Can we admit that "unborn child" is just a euphemism?
As usual, it's a euphemism that mostly means that pregnant women are not citizens and shouldn't have rights.
A Spokane woman trying to divorce her estranged husband two years after he was jailed for beating her has been told by a judge she can't get out of the marriage while she's pregnant.
The case pits a first-year attorney who argues that state law allows any couple to divorce if neither spouse challenges it against a longtime family law judge who asserts that the rights of the unborn child in this type of case trump a woman's right to divorce.
"There's a lot of case law that says it is important in this state that children not be illegitamized," Spokane County Superior Court Judge Paul Bastine told The Spokesman-Review newspaper.
Getting a woman pregnant is not really the human equivalent to the canine practice of peeing on a tree. Initially, I was flummoxed at the idea that there is this new right to be born to married parents, which just can't be true, as we don't force shotgun weddings on people. Also, in this case, the child isn't even the husband's.
Hughes' husband, Carlos, was convicted in 2002 of beating her. She separated from him after the attack and filed for divorce last April. She later became pregnant by another man and is due in March.
Still confused, I mulled over the use of the word "illegitimate". That word has nothing to do with the child, really. Babies look and act the same regardless of the cultural construct we call "marriage". The concept of legitimacy has much more to do with the state of the mother at the time the child is born--is she married or not? It's an ancient concept that is slipping out of use, because we don't have the social structures to support it. If you view women as property of men, then legitimacy makes much more sense.
The field analogy is the one this judge is working with. Divorcing her husband while pregnant would be like trying to sell land when the crops haven't been harvested. Too confusing--do the crops belong to the original owner of the land or not? The solution in this case would be to harvest first and then figure out what to do with the land, and that's the judge's solution.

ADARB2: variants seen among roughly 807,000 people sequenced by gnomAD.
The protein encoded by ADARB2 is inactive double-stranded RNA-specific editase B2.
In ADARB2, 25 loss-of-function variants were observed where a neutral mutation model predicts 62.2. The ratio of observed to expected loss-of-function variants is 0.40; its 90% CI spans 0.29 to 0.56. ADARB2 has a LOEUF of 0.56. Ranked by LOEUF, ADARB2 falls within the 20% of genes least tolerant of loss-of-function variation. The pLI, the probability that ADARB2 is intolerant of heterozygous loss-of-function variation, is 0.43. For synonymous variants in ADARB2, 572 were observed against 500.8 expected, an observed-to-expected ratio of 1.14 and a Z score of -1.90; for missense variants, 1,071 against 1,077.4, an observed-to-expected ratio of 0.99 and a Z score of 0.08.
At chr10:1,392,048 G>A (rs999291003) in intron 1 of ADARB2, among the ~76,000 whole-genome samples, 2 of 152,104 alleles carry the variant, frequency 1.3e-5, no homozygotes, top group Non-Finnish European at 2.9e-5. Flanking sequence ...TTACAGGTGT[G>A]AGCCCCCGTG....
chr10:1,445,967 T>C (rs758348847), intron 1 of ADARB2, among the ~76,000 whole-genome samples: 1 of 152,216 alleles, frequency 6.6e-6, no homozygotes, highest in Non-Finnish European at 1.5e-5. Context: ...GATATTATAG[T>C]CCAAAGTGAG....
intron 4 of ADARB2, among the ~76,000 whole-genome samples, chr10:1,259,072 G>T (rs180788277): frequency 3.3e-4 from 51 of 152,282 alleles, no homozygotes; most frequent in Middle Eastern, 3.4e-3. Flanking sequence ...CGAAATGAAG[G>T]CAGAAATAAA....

But women are not fields and children are not crops. This is not a property dispute between the owner of the land and the provider of the seed. This is about a woman, who is a parent in her own right, trying to live her life as a soverign citizen, which appears to be an appalling and all too confusing notion for this judge to embrace. The reasoning on this decision reminds me of the reasoning when I was buying my house and we had to wait for the roof to get fixed before we could buy it.
I feel terribly naive when I see stuff like this. I am still shocked at stories of people who just can't or won't grasp that women's bodies are not property to be sized up and divided like plots of land.
Via, as usual, Steve Gilliard.
Edited to add: This is setting a weird precedent, a return to the definiton of "father" being "married to mother", not "biological father". Perhaps we can expect the forced-paternity-testing crowd to go crazy in defending this woman's rights? I'm guessing not, but one can alwasy hope for a little logical consistency.